As adults, many of us have low enough self-esteem that, based on our own views of ourselves, we’d do nothing, or at least very little, except rely on the skills and knowledge we developed when we were kids because those are the endeavors in which we know we can be successful. That is clearly a bad strategy for adulting. Personal growth is essential for happiness (again, I don’t know that for a fact, but from personal observation, believe it to be true), and certainly, we need to learn and gain more skills as adults than we had as children. To do that, though, we must take risks; we need to stretch beyond the constraints of the sureties we already know. We must be willing to fail and then, most importantly, try again.
In my mind, the effort of that little spider makes a good analogy for how we navigate our educational growth in our adult years. Stretching ourselves and pushing our boundaries is important to our success. Being an adult also means we have many responsibilities and perhaps must be more strategic in the risks we take. Pushing ourselves to grow intellectually takes time and effort, but the rewards can be extraordinary. However, fear of failure is very real.
Higher education has traditionally been reserved for those able to immerse themselves in their education. Completing the undergraduate degree was reserved for those who could afford to dedicate four years to the pursuit right after high school. For those of us who, for whatever reason, missed that window of opportunity, returning and finishing our undergraduate was possible, but the barriers were much like the experience of the tiny spider trying to bridge a ten-foot gap. Completing a graduate degree or any level of certification often meant that it was necessary to take time away from a nascent career to pursue a degree full-time and perhaps even to relocate physically.
However, the advent of online education has changed the risk/reward calculation somewhat. Although there are still risks incurred in any undertaking as large as pursuing a degree, the risk is mitigated by not requiring learners to uproot their life to immerse themselves full-time to advance their educational goals. As our world continues to change more rapidly, continued education becomes more necessary throughout our life. Finding a work/life/school balance is critical for the success of individuals and for society. Online education helps people find that balance to facilitate continued intellectual growth.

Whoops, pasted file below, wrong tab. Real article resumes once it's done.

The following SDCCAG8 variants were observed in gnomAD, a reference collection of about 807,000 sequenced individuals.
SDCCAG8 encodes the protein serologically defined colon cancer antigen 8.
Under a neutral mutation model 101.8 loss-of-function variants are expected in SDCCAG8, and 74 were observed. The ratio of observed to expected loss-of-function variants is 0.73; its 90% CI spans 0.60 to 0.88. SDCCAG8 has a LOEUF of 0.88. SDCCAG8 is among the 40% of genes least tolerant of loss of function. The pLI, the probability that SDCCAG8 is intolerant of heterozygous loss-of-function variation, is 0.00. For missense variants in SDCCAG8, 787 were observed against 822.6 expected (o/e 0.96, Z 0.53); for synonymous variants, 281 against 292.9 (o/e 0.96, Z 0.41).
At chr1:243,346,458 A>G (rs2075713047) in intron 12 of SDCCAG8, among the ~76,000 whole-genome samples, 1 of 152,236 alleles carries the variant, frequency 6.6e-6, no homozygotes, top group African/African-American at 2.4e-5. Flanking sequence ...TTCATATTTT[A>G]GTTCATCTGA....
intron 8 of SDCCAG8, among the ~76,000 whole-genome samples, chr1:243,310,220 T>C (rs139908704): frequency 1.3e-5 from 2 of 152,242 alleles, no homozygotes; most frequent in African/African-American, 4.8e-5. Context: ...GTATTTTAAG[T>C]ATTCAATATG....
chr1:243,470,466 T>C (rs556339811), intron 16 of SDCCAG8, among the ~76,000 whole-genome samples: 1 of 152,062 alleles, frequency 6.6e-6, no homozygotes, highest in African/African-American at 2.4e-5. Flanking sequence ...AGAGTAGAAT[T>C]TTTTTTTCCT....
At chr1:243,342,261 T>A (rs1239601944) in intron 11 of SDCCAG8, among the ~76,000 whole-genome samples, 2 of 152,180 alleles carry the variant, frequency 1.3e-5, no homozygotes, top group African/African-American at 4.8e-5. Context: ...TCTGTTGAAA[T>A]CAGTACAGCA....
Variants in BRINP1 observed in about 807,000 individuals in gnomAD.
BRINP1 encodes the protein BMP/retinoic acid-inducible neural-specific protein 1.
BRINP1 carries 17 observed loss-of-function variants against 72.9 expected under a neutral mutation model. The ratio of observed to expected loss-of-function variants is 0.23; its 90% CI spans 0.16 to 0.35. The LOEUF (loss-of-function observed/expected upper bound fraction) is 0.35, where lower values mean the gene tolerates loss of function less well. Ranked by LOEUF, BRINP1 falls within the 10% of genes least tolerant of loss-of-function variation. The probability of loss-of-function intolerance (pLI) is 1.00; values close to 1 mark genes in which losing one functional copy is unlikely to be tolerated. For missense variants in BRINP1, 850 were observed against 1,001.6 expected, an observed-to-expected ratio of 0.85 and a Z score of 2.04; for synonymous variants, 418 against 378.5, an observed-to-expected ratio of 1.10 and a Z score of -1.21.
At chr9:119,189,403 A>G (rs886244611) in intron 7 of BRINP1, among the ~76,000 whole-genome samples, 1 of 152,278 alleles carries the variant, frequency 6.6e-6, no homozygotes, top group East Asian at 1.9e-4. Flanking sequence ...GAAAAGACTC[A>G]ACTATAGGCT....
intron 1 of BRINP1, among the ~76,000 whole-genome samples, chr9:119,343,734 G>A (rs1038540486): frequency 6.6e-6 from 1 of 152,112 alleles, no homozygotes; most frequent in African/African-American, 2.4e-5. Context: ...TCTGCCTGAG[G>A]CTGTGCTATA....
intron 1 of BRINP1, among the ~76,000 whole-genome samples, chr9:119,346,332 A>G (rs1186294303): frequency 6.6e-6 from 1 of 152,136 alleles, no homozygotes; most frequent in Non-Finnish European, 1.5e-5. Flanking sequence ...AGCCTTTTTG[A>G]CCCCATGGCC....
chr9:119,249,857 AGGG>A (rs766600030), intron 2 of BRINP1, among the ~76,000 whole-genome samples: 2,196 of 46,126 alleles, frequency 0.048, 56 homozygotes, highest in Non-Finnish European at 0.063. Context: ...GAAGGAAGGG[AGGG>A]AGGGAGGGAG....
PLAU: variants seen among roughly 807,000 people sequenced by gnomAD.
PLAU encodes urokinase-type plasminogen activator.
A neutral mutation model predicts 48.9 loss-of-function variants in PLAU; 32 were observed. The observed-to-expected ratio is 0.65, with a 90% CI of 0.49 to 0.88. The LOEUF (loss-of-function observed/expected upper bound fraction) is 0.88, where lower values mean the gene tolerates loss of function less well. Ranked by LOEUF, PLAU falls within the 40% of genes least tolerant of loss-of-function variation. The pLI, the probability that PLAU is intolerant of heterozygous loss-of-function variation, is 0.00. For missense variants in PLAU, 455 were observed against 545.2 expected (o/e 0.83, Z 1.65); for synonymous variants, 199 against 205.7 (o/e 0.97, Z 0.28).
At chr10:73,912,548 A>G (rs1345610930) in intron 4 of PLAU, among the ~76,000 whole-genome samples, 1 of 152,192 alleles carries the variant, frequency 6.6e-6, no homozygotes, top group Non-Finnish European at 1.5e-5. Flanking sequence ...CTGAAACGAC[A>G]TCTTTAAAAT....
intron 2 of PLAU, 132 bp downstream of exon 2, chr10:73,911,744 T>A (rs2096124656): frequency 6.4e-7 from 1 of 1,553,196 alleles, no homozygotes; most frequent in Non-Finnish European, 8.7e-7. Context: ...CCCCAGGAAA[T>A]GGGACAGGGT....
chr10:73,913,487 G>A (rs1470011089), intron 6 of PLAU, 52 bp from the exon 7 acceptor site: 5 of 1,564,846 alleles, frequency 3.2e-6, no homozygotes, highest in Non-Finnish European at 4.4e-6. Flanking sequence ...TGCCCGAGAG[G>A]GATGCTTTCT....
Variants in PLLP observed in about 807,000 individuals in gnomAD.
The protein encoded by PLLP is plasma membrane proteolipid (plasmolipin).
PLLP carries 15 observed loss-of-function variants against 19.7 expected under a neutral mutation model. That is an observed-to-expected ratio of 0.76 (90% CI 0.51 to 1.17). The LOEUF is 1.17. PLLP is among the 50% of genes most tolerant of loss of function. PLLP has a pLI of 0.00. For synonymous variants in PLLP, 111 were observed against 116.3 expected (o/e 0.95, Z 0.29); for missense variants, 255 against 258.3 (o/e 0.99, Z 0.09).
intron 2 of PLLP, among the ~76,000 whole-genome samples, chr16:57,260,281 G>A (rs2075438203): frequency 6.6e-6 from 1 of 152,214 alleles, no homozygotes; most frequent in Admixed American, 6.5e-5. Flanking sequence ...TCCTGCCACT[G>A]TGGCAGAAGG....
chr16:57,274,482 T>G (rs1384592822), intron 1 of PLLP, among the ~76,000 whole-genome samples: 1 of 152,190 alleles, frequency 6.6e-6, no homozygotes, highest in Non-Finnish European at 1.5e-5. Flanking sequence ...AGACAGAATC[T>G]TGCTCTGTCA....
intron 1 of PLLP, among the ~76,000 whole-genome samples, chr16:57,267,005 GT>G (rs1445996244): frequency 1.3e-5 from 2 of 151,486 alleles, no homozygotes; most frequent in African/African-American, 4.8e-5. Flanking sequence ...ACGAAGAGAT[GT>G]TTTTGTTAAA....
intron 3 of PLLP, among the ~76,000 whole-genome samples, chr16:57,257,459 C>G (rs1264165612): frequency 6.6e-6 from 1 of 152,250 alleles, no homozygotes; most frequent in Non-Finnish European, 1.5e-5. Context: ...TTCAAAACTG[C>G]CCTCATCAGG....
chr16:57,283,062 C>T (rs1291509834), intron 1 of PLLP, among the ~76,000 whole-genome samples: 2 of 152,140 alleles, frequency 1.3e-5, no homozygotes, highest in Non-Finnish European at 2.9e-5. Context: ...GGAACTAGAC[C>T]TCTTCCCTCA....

As I suggested, the tiny spider might have done, stepping back, allowing oneself to dream of what might be possible, while also developing expectations and goals that acknowledge the realities of life at that moment can lead to a more successful and realistic strategy for fulfilling life goals. Part-time, online degrees offer the flexibility for adults to take a rational but still committed and rewarding approach to create a better and richer life through learning. Even learners attending a university in-person, full-time, often benefit from the flexibility offered through online learning. Online learning can be part of a strategy of cultivating our ambitions but in a manageable fashion.
My hope for my little spider friend is that by being blown off course, he’s found a more reasonable environment for creating his beautiful web. I also wish him well because there are more flies about this year than I’d like to see. His success will certainly also benefit me. I hope he’s still taking some risks but has learned from his experience to think about his goals and spend some time planning his strategy for success. Bigger is not always better. Getting the most accolades is often quite irrelevant for success in life. Doing the best you can do, taking chances based on serious considerations of who you are and want you to want to accomplish, well, that can result in one beautiful, interconnected web of good experiences